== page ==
In a society where survival is rarely at the front of our minds, we’ve forgotten what adversity feels like. We get to experience adversity as a luxory as oppposed to a way of life forced upon us. But how many of us choose to venture out into the unknown?While I wouldn’t wish an adverse life upon anyone, in what ways is the human spirit being tested when it doesn’t need to face adversity? How does one truly feel alive when ones life is seemingly never at stake?

       It is for these reasons I venture west, in my favorite train, leaving behind the heavy shell of comfort to replace with the essential items I will need, not just to live, but to feel truly alive.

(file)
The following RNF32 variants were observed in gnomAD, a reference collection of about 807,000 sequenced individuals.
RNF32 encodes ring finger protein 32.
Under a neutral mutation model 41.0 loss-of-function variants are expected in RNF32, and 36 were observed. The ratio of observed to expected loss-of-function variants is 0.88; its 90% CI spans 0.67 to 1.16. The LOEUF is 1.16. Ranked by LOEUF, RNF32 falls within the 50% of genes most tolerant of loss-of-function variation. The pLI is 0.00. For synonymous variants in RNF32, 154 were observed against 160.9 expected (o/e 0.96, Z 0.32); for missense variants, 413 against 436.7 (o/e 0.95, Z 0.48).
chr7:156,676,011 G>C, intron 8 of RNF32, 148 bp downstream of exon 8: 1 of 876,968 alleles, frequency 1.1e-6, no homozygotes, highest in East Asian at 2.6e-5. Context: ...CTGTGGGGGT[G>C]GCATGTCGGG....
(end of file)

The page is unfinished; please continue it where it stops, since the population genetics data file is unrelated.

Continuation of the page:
So I leave my thoughts here with one left to ponder: In what other ways might we let go of our comforts and pick up a little adversity, to alight upon our spirit a life that it yearns for?


“A Mystery in the Night”

This is a story example for my story making class. This will hopefully help my students think about how to structure a story with a beginning, middle and end, how to include descriptions and comparisons, to include some kind of climax and to end with something that the character learns and for the reader to learn.


My first/favorite memory: